More About the Author
My official bio reads as follows:
Susan Runholt shares her teenage heroines' love of art and travel and commitment to feminism. She has traveled extensively in Europe, Asia and Africa and lived in Amsterdam and Paris, working as a bank clerk and an au pair. She's also been a waitress, a maid, a motel desk clerk, a laundress, a caterer, and, eventually, director of programming for South Dakota Public Television.
For the past two decades she has lived in Saint Paul, Minnesota, where she serves as a fundraising consultant for social service and arts organizations. She was named runner-up for the Debut Dagger Award by the Crime Writers' Association of Great Britain for THE MYSTERY OF THE THIRD LUCRETIA. Her next mystery in the Kari and Lucas series, RESCUING SENECA CRANE, will be published by Viking Children's Books in 2009.
So much for the official bio.
One huge aspect of my life not mentioned in that little summary is my daughter, Annalisa. And she's a big part of THE MYSTERY OF THE THIRD LUCRETIA. In fact, it's not too much to say that without her, I would never have written that book. And I might not ever have written for kids.
The way it started was this. From the time Annalisa was really young, she and I always went to the Minneapolis Institute of Arts together for the same reason Kari and her mom went: because it was fun and it was free. Well, when she was eleven (this was sixteen years ago, because she's 27 now), we went there to see Rembrandt's two paintings of Lucretia, which were being exhibited together. Annalisa loved them. And when she read the sign on the wall beside the paintings and looked at the sad, sad woman Rembrandt had painted, she cried. This was such a big deal for her that she actually came home and wrote a letter to the museum director telling him how much she liked the paintings. He wrote a letter back and gave her some books and things. (The lesson here is that it always pays to say thanks, but sometimes it pays more than others.)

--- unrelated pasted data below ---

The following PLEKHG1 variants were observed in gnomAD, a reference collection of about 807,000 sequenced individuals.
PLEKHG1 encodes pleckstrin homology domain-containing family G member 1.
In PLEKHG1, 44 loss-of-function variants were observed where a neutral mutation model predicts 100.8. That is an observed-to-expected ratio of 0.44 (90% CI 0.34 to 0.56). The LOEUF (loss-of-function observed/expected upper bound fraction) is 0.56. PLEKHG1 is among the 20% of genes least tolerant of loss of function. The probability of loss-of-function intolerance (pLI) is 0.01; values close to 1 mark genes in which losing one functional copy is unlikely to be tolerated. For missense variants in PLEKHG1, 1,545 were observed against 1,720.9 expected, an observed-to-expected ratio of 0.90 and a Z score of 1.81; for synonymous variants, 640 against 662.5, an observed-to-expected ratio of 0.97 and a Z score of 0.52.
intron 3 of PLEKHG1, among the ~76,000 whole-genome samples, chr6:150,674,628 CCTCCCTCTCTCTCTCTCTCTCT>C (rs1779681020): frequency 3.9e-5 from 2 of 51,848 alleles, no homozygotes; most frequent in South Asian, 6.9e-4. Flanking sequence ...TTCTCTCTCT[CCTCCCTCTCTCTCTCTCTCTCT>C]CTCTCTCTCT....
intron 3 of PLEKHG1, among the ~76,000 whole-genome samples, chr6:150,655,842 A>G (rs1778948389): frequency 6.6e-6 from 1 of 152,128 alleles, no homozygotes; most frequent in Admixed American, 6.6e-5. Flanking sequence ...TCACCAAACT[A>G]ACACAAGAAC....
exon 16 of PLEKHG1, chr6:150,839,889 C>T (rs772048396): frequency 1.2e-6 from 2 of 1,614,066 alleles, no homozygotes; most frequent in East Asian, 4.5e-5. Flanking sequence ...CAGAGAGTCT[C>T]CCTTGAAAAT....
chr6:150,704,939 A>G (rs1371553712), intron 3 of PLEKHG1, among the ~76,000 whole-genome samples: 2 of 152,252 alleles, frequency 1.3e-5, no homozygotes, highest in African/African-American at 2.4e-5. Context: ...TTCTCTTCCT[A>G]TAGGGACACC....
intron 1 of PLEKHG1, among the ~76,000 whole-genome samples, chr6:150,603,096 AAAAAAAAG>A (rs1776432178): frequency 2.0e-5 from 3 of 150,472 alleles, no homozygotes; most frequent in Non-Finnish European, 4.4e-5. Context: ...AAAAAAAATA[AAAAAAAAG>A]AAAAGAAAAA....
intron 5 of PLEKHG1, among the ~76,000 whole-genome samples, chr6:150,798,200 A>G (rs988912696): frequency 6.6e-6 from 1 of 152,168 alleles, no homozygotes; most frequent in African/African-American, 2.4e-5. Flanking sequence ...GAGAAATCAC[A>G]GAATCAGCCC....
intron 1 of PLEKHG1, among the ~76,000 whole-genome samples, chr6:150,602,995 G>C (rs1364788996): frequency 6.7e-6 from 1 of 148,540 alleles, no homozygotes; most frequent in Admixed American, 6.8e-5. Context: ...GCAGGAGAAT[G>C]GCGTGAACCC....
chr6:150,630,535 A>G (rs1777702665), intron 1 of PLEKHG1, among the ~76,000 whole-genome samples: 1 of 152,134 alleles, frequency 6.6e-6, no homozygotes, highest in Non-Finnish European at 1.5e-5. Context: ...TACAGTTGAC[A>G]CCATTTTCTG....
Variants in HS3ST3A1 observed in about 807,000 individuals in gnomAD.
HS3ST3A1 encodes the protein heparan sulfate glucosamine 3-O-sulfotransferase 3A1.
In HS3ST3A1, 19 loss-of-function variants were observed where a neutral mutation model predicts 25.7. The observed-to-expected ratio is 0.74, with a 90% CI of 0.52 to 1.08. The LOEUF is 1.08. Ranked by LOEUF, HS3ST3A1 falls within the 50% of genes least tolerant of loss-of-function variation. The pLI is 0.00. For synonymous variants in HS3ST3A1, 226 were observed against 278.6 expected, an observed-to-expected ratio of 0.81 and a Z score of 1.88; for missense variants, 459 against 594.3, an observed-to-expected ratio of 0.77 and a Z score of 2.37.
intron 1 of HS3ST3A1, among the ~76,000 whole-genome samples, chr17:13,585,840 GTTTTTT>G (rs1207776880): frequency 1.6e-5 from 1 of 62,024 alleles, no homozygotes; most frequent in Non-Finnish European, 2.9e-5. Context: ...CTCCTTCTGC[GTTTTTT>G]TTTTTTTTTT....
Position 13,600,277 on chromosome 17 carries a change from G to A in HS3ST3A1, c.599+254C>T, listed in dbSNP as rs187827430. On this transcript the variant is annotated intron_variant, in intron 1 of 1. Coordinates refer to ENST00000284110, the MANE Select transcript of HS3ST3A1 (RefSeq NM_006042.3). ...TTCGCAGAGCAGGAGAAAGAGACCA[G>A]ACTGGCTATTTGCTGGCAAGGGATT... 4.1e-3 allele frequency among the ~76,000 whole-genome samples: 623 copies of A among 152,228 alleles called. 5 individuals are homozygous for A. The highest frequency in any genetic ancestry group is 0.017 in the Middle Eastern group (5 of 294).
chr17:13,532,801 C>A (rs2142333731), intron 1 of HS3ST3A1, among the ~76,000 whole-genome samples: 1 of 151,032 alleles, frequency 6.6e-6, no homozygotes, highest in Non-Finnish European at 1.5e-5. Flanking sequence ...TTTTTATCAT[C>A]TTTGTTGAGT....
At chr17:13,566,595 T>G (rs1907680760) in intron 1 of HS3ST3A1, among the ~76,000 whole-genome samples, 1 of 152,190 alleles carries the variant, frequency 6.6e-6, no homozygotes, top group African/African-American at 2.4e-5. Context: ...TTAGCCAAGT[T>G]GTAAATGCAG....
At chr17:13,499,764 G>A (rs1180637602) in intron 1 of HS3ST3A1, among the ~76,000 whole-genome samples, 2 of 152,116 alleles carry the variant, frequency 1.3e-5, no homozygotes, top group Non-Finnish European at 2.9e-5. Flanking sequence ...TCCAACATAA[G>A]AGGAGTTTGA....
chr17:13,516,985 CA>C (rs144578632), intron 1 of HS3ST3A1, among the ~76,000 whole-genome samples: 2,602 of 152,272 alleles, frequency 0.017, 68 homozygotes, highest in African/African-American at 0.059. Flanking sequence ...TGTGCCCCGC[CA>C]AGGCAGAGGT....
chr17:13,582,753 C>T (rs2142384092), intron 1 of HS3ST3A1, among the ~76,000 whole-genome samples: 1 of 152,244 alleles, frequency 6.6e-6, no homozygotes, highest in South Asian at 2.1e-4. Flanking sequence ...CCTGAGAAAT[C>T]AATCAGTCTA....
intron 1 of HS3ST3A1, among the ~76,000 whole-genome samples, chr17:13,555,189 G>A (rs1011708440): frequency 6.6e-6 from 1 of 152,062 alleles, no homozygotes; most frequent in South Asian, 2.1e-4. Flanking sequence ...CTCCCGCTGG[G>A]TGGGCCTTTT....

Two years later, she and I went to Europe and visited London and Paris. And it turned out that she loved to travel just as much as I did.
All this time, Annalisa was The Perfect Child. I am not kidding. She was always sweet and kind and never made any trouble for anyone. Well, when she turned fourteen she decided she was, um, over that. She'd been perfect, and now she was ready to do something else for a change. I'm not going to tell her story--it's her story, after all, not mine. But she and I had a terrible time getting along at that time. We could hardly say anything to each other without making each other mad or making each other cry. It was the hardest time in my whole life, and probably one of the hardest in hers, too.
I had written a book for adults by that time and had started writing a second. But at some point it occurred to me that maybe Annalisa and I could write a book together, and that would give us something to talk about. So I tried to think of what kind of a plot would be interesting to both of us. I'd already kind of decided that I wanted to write books that were set in faraway places, and since Annalisa loved London and Paris, I thought she'd be interested in a book set in those places. But what could the mystery be about? I thought and thought, and then I remembered how much she had loved Rembrandt's two Lucretias. That was how I came up with the idea of the Third Lucretia.
Writing a book together worked as a way of getting us talking. It was the one thing we could discuss without fighting. Annalisa decided who the characters would be, what their names would be, what they looked like and what their personalities were like. She read every part of the book and said things like, "Mo-om, kids wouldn't be interested in this!" or, "Yeah, this is really exciting!"
So when I say in the dedication that she helped me write the THIRD LUCRETIA, I'm totally serious. She really did. And I'm really, really grateful.